A Tribute by Tom Hart
Commander Ian Hamilton was born in Motherwell on 31 January 1911 and attended Calder Primary School. When aged 12, he was given a book on ships, including naval ships, and he made up his mind that he was going to join the Royal Navy.
After secondary education at Dalziel High School, he took a 2-year Business Studies course at Coatbridge Technical College and a further Advanced Business Studies course at Glasgow Technical College. Among the subjects he studied was shorthand and typing that became extremely useful in his Naval career.
On the 4th of March 1937, Ian joined the Royal Navy and was appointed to the battleship HMS Malaya for service in the Mediterranean with the rank of Lieutenant. After service in the Mediterranean, the Indian Ocean and the Atlantic, the ship was torpedoed and was ordered to make for the Brooklyn Navy Yard in New York – the first British Ship to be repaired there under the Lease-Lend Agreement.
In 1942, after returning to the UK, he was appointed to the staff of the Combined Operations Base at Inveraray, and then Supply Officer at the Combined Operations Officers’ Training Establishment at Lochailort in Inverness-shire.
Anxious to get back to sea, “strings were pulled” and Ian was sent to join HMS Rodney in the Mediterranean at the time of the invasion of Sicily. The ship returned to the UK a few months later and joined the Home Fleet. Early in 1944, when he was 33 years of age, Ian was promoted Acting Commander (S) and Supply Officer of HMS Rodney that was then Flagship of the Home Fleet. He remained on the ship until she paid off at Rosyth prior to going to the breakers’ yard at the end of 1945.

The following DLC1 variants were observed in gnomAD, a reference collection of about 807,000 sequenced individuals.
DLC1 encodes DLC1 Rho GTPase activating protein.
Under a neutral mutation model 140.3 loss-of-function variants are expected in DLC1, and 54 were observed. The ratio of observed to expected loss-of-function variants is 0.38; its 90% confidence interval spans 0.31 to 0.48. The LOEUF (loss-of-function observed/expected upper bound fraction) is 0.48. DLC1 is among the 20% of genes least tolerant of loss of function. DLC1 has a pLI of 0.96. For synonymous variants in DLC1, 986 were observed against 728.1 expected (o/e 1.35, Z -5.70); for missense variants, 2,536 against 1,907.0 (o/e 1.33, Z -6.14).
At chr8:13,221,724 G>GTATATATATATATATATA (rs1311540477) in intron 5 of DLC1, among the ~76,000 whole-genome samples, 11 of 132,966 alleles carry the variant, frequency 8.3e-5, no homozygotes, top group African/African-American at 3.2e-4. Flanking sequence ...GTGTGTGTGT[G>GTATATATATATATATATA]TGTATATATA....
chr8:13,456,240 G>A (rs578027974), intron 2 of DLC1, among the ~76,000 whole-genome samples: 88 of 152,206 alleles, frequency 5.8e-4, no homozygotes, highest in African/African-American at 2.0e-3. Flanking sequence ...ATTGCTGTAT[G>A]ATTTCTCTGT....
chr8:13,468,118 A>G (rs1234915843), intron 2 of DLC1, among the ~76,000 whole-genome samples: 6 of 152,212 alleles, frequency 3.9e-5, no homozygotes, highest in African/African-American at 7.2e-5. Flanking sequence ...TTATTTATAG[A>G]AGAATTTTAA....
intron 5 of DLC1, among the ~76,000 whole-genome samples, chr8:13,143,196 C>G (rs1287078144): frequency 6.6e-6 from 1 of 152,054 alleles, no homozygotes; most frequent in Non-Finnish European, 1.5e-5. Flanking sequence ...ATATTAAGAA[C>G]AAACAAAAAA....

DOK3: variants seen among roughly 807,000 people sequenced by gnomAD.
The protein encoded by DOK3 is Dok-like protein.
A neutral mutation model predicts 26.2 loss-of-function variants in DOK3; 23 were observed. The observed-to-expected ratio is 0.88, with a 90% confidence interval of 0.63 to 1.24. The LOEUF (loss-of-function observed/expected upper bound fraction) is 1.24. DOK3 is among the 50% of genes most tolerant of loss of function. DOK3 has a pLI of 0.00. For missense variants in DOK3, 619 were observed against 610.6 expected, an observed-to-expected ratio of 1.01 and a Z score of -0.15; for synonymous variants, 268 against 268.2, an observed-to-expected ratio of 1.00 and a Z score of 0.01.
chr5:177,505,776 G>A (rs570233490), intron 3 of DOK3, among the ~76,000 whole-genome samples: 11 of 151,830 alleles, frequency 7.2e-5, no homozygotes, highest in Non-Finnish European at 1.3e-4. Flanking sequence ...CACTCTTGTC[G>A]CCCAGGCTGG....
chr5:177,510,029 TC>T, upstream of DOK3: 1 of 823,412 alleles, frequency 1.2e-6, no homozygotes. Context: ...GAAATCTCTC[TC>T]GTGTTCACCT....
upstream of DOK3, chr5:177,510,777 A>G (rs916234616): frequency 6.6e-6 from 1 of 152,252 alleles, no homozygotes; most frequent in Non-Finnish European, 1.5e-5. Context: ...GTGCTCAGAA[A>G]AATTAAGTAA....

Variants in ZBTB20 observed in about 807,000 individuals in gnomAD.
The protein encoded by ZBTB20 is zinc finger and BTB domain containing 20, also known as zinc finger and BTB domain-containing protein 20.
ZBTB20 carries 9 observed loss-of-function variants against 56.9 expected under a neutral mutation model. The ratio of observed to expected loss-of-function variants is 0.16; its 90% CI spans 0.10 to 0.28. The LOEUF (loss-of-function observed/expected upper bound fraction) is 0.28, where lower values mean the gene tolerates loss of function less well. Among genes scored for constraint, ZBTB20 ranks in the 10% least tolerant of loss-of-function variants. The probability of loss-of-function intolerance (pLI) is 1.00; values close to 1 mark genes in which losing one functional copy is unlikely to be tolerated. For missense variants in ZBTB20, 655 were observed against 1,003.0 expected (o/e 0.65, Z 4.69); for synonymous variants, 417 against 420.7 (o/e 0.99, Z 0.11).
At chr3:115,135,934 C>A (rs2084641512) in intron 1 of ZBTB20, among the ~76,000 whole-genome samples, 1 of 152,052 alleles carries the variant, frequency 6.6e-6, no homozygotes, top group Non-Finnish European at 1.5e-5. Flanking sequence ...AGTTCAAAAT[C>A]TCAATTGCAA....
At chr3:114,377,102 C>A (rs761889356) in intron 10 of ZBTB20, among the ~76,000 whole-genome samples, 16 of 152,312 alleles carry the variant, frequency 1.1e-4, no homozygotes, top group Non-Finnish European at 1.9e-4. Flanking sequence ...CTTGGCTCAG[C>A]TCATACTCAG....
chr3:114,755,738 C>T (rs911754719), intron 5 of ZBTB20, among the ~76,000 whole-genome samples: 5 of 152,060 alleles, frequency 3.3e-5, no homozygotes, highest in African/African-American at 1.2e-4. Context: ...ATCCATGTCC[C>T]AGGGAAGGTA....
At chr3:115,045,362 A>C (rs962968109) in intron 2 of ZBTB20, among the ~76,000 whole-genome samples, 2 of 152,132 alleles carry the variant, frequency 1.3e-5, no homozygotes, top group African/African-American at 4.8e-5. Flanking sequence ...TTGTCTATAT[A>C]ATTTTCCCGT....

During the Second World War, Ian was engaged in the Atlantic, South Atlantic, Mediterranean and Arctic Convoys and the fighting on D-Day and Normandy Beaches.
Following his retirement from The Royal Navy in 1963, Ian Hamilton spent a number of years teaching Business Studies in secondary schools in Ellon and in Newton Stewart. However, his love of the west coast of Scotland resulted in Ian buying a small working croft on the Isle of Seil.
Thereafter he and his wife, Maud, returned to the Isle of Bute which was Maud’s home town and where she died in July 1998. Due to failing health and the fact that he was 100 years old, Ian moved in October 2011 to the Erskine Home for War Veterans at Erskine in Renfrewshire and he was always very grateful for the care and attention given to him. He remained there until his death on 9 February 2014 aged 103 years old.
Commander Hamilton was a very warm and generous man whose thoughts often turned to those who needed a helping hand, and a number of organisations on the Isle of Bute, including the Bute Highland Games, have been helped by his generosity. While attending the Bute Highland Games aged 102, with other Erskine Veterans in August 2013, Ian was honoured with the renaming of the Cromach as “The Commander Hamilton Cromach” which was proudly carried during the course of the Games by the Chieftain for that year, David Grevemberg, the Chief Executive Officer of the 2014 Commonwealth Games in Glasgow. It now remains a tradition that all subsequent Chieftains become recipients of their very own Commander Hamilton Cromach.
Ian had an amazing memory of his life, from his birth in Motherwell; to his Naval Career and the ships on which he served and the people with whom he worked; to his research into many different subjects, and he loved to reminisce and pass on his fascinating recollections.
Ian is sorely missed by all who had the privilege to have known him.